If you'd like to learn more about AJAX, you can check out Jesse James Garrett's article, which includes a Q&A regarding some of the history.
Although AJAX won the Technology of the year, there were three other finalists that deserve recognition as well. One technology that might be better known than AJAX is RSS.
RSS, in its simplest definition, is a format for syndicating content from the Web. It is actually a standardized usage of XML. This standardization, or specification, allows anyone to pull information from an RSS file because they will be able to know what mark-up has been used.
RSS has its history going back to 1997. That year, Netscape designed RSS 0.90, which supported the scriptingNews format created by David Winer. Over the years, RSS evolved and released in several versions including .91, .92, and in 1993 the most recent release was 2.0. The RSS 2.0 specification was released to the public by Harvard under a Creative Commons license. This license allows you to use a work commercially and non-commercially.
As mentioned, RSS is simply an XML format that can be used to mark up content that is to be shared with others (syndicated). The format requires tags for identifying a channel or site, a link to the channel or site, and a description of the site or channel. A number of other information tidbits can be included to describe the RSS feed including languages, copyright, managing editor information, publication date, category, a time to live, and a rating.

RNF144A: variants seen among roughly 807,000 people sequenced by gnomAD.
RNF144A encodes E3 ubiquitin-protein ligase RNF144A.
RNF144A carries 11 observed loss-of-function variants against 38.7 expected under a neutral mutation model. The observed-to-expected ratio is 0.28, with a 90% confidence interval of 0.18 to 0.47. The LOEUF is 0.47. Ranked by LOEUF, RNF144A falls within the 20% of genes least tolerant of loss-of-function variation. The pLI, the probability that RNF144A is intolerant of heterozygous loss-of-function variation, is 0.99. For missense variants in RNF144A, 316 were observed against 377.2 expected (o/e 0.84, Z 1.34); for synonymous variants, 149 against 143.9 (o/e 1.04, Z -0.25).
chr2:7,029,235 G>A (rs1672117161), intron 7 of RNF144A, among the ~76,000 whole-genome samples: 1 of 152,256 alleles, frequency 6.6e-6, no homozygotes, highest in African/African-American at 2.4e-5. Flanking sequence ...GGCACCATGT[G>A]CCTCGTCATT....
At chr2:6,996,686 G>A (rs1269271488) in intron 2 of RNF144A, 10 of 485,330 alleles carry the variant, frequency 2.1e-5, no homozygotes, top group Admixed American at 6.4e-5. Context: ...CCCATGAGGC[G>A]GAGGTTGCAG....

Within the channel, a number of items can be specified. Whereas each item has to have at least a title or description, it may also include a link to the item, an author, a category, comments, a guid, a pubDate, a source, and more.
Each of the items has specific tags and rules for their use as detailed in the specification. The end result, however, is a standardized XML file layout that can be easily used by others. It is the flourishing of RSS aggregators and the extension of programs such as FireFox and Microsoft Internet Explorer that have helped to make even more popular.
One technology that was nominated for the Developer.com product of the year that didn't make it to the finalist list was blogs. While blogs have become popular, it is no surprise that serious blogs now incorporate RSS as well. This allows people to use an RSS aggregator to have the information from the blog come to them rather than having to go to the Web page where the blog resides. Figure 2 shows the FireFox browser with the Sage add-in for viewing RSS feeds. As you can see, the information from any feed is easily formatted and displayed because a single standard is being used.
Figure 2: Sage RSS Feed add-in for FireFox brings RSS content to you.
Additionally, RSS feeds can be incorporated into applications and Web sites. Ultimately, RSS has provided a new, standardized method for disseminating information. More importantly, it has made it easy for anyone to tap into that information and use it in a variety of creative ways.